As for Brightest Day, well, I can’t see how it’s any worse than when Batman and Jason Todd broke up a kiddie porn ring, assuming nothing disgusting was actually shown. I realize some people would rather adult themes stay out of their comics – nostalgia for kindler, gentler days, I guess – but if you’re a hero you’re probably going to end up dealing with folks like that when not stopping the latest Riddler crime spree. Hell, back in the late 80’s there was a Batman villain who got his powers from eating dudes hearts.

Brightest Day’s not really a GL comic though; it may deal with the White Lantern, but otherwise the series is focused on the resurrected heroes who have little to do with the Green Lantern Corps.

@JohnnyHorror: I think you have something of a point, but I don’t think calling folks pussies is really necessary.

Though the point of times and standards of decency changing is pretty apt. Once upon a time people were scared when the mask came off in Phantom of the Opera, though that may seem ridiculous these days. Most of the folks who want things toned down are concerned about the kids and would rather these things be regulated. However, kids HATE it when adults do that and it tends to turn them off even more. So it’s a tough line to walk.

I just hope that the general buying market is not neglected- marvel and dc need to actively develop mini-series and ongoings for selling in grocery stores, pharmacies, best buy, wal-mart, and more.. just do it.. larger size, tabloid comics should be a regular feature at these stores..

Also worth bearing in mind, however apocryphal it may be, that Darwyn Cooke pitched an all-ages line to Marvel back in the day and was turned down, only to have Marvel scoop the idea and launch ‘Marvel Adventures’ shortly thereafter- which is why Cooke has not done any work with Marvel since.

It’s not as if Cooke is incapable of making kid-friendly comics, just that he isn’t interested in doing it in context of the Big 2 at the moment.

As always, blame editorial shenanigans :P

I agree wholheartedly with Mike-El’s comments on this matter – it is all about what is appropriate.
There are serious unpleasant issues in life that we all have to deal with and be aware of even at an early age, it is the detail that can at times be unnecessary. I remembering reading Cary Bates Flash as a youngster and that dealt with murder/manslaughter/loss of loved ones and the emotional consequences without the need to dwell on the actual act.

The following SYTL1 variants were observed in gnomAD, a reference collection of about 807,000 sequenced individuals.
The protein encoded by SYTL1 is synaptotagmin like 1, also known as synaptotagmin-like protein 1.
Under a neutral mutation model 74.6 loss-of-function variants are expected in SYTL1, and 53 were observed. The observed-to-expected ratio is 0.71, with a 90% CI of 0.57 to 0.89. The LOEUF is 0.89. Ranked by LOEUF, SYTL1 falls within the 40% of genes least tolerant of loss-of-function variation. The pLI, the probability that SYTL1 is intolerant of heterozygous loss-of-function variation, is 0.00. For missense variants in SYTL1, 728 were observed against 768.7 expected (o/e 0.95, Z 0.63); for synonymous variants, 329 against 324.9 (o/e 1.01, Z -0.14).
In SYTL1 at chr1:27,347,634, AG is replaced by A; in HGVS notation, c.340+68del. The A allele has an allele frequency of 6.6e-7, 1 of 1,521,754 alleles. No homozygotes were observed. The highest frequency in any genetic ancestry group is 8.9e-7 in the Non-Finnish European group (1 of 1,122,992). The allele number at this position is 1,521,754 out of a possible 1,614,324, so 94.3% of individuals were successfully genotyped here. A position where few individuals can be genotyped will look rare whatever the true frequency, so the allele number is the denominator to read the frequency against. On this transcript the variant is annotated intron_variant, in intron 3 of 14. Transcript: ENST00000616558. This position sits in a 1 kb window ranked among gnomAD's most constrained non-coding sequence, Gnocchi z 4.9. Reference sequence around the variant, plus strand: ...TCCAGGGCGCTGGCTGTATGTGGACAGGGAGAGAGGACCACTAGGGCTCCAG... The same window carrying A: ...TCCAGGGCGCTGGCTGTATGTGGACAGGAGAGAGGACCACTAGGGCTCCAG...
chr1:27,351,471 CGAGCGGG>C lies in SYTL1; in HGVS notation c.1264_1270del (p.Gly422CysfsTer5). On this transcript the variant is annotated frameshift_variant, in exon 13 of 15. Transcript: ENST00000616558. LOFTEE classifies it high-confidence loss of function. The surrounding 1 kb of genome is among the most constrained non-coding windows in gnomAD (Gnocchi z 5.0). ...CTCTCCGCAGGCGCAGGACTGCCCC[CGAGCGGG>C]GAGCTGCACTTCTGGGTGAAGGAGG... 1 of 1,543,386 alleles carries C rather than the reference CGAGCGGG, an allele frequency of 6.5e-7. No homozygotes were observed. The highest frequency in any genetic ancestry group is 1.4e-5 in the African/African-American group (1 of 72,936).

The truly great writers can produce work that can be read by someone who may not be emotionally fully developed and enjoyed as an adventure, whilst interesting older readers with more depth – unfortunately not everyone can be a Moore or a Morrison. It is the same with all artistic endeavours – people of lesser talent will try to copy (probably under editorial mandate) what has broken new ground and produce something that does not work in the same way.
The less is more effect is perfect for comics in many ways as the gaps can be filled in depending on your viewpoint/age/understanding – to be fair, it could be argued that Identity Crisis is close to achieving this (based on how i read people interpreting it on the DC Message Boards at first release, but then again it may have just missed the mark).
I did feel sad the other day reading some Batman stuff and thinking “would this have been too much at 6 years old?” – more in terms of stuff that was referred to rather than shown – at 6 I wanted to know what everything meant and would ask if there was a new word/concept.
The main problem in my opinion is the need (whether in “adult” or all ages comics) for what I would describe as emotional pornography – case in point being the Arsenal storyline, the death of Lian was completely unnecessary and felt as if it was just for effect.
Much as I admire James Robinson and Starman was a wonderful journey, Cry for Justice was interesting but unpleasant to read and most of it left me thinking “Did that really need to be said/done?”
I still hope that children can still pick up a comic and have the joy that I felt in the late 70s and throughout the 80s.

I would disagree about the hypocrisy of the likes of Darwin Cooke, maybe he is not geared professionally to produce a kiddies line, but his work is not usually in the realm of emotional porn and is readable by most ages. I would also disagree that top creators are not working on kiddies comics, maybe those who are accalimed for their “adult” or “serious” work are not but then are they suited to the task, you can’t tell me that the creators who produce the work in kiddies comis produced by the big two are not the top in their particular field – it is horses for courses – I am not desperate for Picasso to do the Flintstones and I am not eager for the Hanna Barbera cubist period. Darwin Cooke has as much right as anyone to express his opinion even if he cannot deliver (or is not asked to deliver) the works he describes.

In addition to what @the Hunter said, Cooke also pitched an all ages Wonder Woman book to DC within the past several years that he would have written and drawn, and he was also turned down by DC.

I think a lot of people are misconstruing what he has said. I don’t believe he is saying there should be more kid comics, per se; he is saying that the characters who have such a long, storied history of being all ages accessible should continue to be all ages accessible. He obviously believes there is a place in comics at large for more directly adult oriented works. But when it comes to Superman, Batman, Spider-man etc., he feels their stories should not contain “mature,” shock value, grim and gritty storytelling where you forsake the entire history of a character or franchise for a very short term gain. And whether or not you agree with his opinion on the matter, I feel he has already put his pen where his mouth is, so to speak, with his work on New Frontier and The Spirit. Both of those books contain smart stories that respect the context and history of the properties with which they deal. And that is what he believes these iconic corporate superhero comics should do.